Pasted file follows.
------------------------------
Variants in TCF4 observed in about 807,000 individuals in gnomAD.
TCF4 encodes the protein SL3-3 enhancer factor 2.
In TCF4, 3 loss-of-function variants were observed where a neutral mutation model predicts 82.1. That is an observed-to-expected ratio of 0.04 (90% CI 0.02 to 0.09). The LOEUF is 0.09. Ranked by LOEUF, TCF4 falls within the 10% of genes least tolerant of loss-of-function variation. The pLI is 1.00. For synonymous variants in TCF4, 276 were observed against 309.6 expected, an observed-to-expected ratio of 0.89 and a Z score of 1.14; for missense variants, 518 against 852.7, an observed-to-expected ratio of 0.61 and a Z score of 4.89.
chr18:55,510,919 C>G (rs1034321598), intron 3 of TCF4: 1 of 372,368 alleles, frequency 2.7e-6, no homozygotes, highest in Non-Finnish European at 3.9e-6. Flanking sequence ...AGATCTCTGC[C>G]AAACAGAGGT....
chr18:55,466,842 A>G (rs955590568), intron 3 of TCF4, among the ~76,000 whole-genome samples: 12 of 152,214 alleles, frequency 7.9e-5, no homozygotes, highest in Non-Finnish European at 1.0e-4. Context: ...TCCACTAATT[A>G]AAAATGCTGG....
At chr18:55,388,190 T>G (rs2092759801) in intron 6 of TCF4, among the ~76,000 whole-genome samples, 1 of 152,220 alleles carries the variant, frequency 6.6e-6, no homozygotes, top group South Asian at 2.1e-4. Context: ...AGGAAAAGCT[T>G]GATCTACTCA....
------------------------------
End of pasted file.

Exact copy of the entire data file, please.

Variants in TCF4 observed in about 807,000 individuals in gnomAD.
TCF4 encodes the protein SL3-3 enhancer factor 2.
In TCF4, 3 loss-of-function variants were observed where a neutral mutation model predicts 82.1. That is an observed-to-expected ratio of 0.04 (90% CI 0.02 to 0.09). The LOEUF is 0.09. Ranked by LOEUF, TCF4 falls within the 10% of genes least tolerant of loss-of-function variation. The pLI is 1.00. For synonymous variants in TCF4, 276 were observed against 309.6 expected, an observed-to-expected ratio of 0.89 and a Z score of 1.14; for missense variants, 518 against 852.7, an observed-to-expected ratio of 0.61 and a Z score of 4.89.
chr18:55,510,919 C>G (rs1034321598), intron 3 of TCF4: 1 of 372,368 alleles, frequency 2.7e-6, no homozygotes, highest in Non-Finnish European at 3.9e-6. Flanking sequence ...AGATCTCTGC[C>G]AAACAGAGGT....
chr18:55,466,842 A>G (rs955590568), intron 3 of TCF4, among the ~76,000 whole-genome samples: 12 of 152,214 alleles, frequency 7.9e-5, no homozygotes, highest in Non-Finnish European at 1.0e-4. Context: ...TCCACTAATT[A>G]AAAATGCTGG....
At chr18:55,388,190 T>G (rs2092759801) in intron 6 of TCF4, among the ~76,000 whole-genome samples, 1 of 152,220 alleles carries the variant, frequency 6.6e-6, no homozygotes, top group South Asian at 2.1e-4. Context: ...AGGAAAAGCT[T>G]GATCTACTCA....